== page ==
Thursday, May 31, 2007


On average, a pedestrian is killed by a driver in New York City about every other day.

Unfortunately, too often the message from the city (from the Bloomberg administration) has been that it's a pedestrian problem -- that it's their own fault. While there are some times where that's the case, it isn't usually.

Bloomberg's announcement last week of a plan for stricter enforcement of traffic laws is a significant step forward. The existing "don't block the box" laws would be good -- if only they were enforced. They rarely are.

The new plan will allow all traffic enforcement agents (who are not police officers) to issue tickets by recording the license plates of drivers who break the law. The owner will then be sent a ticket in the mail.

Giving law enforcement the tools to enforce existing laws doesn't sound flashy but it will probably save lives.

haha, Yankees suck

haha, Aaron Hill stole home against the Yankees.

Tuesday, May 29, 2007

no more Cindy Sheehan

Here's her essay announcing her departure from the antiwar movement.

Wednesday, May 23, 2007

What passes for mainstream media analysis these days

From our nation's most esteemed media critic:

"While several of the Democratic candidates have appeared on Fox, the top tier has been shying away, even as the Republicans have debated on MSNBC."

-Howard Kurtz, 5/21/07 column

Monday, May 21, 2007


Brooklyn Botanical Gardens, 4/28/07

Saturday, May 19, 2007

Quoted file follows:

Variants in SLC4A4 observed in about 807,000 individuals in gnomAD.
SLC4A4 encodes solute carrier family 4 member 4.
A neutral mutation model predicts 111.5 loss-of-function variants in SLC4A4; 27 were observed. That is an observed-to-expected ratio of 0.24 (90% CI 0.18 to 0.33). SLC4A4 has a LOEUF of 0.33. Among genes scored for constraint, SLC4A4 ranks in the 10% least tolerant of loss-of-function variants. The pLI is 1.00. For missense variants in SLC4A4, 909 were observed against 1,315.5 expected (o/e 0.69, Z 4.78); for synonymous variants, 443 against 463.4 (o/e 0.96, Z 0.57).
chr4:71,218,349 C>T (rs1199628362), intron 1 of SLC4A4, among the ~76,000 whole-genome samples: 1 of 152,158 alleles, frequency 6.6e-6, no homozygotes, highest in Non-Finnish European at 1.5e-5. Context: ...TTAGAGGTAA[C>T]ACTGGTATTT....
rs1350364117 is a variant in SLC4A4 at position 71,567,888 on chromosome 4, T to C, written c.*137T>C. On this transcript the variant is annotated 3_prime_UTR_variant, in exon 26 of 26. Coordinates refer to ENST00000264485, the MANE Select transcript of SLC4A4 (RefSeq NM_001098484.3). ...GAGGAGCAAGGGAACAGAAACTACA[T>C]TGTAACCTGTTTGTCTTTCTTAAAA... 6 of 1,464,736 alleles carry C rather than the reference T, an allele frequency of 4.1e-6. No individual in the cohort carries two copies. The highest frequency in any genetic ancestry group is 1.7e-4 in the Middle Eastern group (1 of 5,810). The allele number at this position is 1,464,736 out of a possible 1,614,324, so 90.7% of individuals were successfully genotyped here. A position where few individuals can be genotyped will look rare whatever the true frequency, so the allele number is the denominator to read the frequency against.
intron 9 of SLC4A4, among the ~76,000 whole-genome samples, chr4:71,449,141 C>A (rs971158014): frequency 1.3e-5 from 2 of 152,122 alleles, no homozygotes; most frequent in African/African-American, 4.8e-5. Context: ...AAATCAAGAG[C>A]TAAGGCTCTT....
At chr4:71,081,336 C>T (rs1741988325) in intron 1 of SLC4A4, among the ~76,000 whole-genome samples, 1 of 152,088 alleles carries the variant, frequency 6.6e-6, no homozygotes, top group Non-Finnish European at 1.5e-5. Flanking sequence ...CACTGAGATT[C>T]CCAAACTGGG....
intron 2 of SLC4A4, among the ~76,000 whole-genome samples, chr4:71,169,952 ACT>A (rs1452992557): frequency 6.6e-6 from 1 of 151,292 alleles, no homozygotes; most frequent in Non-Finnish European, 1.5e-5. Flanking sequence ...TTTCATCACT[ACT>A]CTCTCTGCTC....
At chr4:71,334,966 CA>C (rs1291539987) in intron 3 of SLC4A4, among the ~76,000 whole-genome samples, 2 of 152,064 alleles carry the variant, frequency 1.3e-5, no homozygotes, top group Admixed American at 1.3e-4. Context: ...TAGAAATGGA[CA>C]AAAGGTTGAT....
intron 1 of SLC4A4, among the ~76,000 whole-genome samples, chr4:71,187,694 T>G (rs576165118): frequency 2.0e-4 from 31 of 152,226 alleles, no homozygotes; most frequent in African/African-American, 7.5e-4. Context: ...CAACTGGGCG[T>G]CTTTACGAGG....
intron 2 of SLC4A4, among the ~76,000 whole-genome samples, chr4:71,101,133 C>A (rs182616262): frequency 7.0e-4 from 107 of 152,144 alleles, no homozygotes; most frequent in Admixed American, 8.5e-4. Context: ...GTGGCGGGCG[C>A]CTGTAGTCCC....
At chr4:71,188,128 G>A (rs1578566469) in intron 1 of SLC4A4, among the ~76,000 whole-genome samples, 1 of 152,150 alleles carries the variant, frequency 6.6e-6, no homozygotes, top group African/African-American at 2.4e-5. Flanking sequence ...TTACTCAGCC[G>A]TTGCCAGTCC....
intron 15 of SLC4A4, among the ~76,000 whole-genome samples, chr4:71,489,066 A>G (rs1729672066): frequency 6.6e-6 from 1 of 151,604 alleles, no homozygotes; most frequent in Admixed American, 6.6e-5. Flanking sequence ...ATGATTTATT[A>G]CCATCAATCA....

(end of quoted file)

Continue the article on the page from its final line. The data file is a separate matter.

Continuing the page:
Global Warming vs. the Coal Industry

And Barack Obama has to pick sides... Oh no! Guess who he's going to side with? (er, with whom he is going to side). The coal industry! Wooo.

(link blatantly stolen from mattio.)

Friday, May 18, 2007

Let's get on that bus

That's gotta be a fun ride!

Thursday, May 17, 2007

A partial victory on Fidelity

Since it went public in January, the campaign to get Fidelity to divest from a subsidiary of Petro China has gotten a lot of attention. PetroChina does oil business in Sudan, and the campaigners successfully pushed the message that Fidelity was "funding genocide" by investing in the company. The campaign got extra steam when the Save Darfur Coalition jumped aboard, too.

This week, the campaign had a major victory: a filing by Fidelity showed that it had taken 91% of its ADR's in PetroChina (whatever that means) out of the company. Some initial articles implied this meant it had removed 91% of it's total investments in PetroChina, but soon the articles explained that in fact the ADR's represented less than half of Fidelity's investment in the company.

Eric Cohen, who leads the Massachusetts-based Fidelity Out of Sudan campaign, explained the detalis in an email to supporters:

When Fidelity files an updated 13G report revealing the extent of their overall global holdings of PetroChina, only then will we understand the impact on their total holdings of PetroChina. To illustrate this point, if Fidelity neither reduced nor increased their holdings of H shares, their reduction in ADR holdings means that their total holdings would have been reduced by approximately 38%.